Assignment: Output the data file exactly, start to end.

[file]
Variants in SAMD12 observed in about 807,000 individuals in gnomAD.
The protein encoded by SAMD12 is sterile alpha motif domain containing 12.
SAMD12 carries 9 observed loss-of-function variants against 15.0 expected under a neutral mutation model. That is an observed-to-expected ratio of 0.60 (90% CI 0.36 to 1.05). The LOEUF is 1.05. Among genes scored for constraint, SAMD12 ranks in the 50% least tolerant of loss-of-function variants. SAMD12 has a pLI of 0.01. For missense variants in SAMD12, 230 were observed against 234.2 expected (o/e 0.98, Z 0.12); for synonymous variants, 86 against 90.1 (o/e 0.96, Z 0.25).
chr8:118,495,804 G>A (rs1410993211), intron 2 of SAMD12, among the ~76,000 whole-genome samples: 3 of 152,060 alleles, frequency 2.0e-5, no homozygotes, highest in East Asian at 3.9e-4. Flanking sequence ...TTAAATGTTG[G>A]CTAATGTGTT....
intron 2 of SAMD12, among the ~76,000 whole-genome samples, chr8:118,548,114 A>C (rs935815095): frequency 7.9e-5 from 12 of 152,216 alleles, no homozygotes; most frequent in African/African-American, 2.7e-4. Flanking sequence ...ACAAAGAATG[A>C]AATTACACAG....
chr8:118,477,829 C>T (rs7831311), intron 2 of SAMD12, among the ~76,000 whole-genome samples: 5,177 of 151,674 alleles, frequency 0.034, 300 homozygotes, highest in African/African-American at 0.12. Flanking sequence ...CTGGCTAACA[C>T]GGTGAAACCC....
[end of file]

Variants in SAMD12 observed in about 807,000 individuals in gnomAD.
The protein encoded by SAMD12 is sterile alpha motif domain containing 12.
SAMD12 carries 9 observed loss-of-function variants against 15.0 expected under a neutral mutation model. That is an observed-to-expected ratio of 0.60 (90% CI 0.36 to 1.05). The LOEUF is 1.05. Among genes scored for constraint, SAMD12 ranks in the 50% least tolerant of loss-of-function variants. SAMD12 has a pLI of 0.01. For missense variants in SAMD12, 230 were observed against 234.2 expected (o/e 0.98, Z 0.12); for synonymous variants, 86 against 90.1 (o/e 0.96, Z 0.25).
chr8:118,495,804 G>A (rs1410993211), intron 2 of SAMD12, among the ~76,000 whole-genome samples: 3 of 152,060 alleles, frequency 2.0e-5, no homozygotes, highest in East Asian at 3.9e-4. Flanking sequence ...TTAAATGTTG[G>A]CTAATGTGTT....
intron 2 of SAMD12, among the ~76,000 whole-genome samples, chr8:118,548,114 A>C (rs935815095): frequency 7.9e-5 from 12 of 152,216 alleles, no homozygotes; most frequent in African/African-American, 2.7e-4. Flanking sequence ...ACAAAGAATG[A>C]AATTACACAG....
chr8:118,477,829 C>T (rs7831311), intron 2 of SAMD12, among the ~76,000 whole-genome samples: 5,177 of 151,674 alleles, frequency 0.034, 300 homozygotes, highest in African/African-American at 0.12. Flanking sequence ...CTGGCTAACA[C>T]GGTGAAACCC....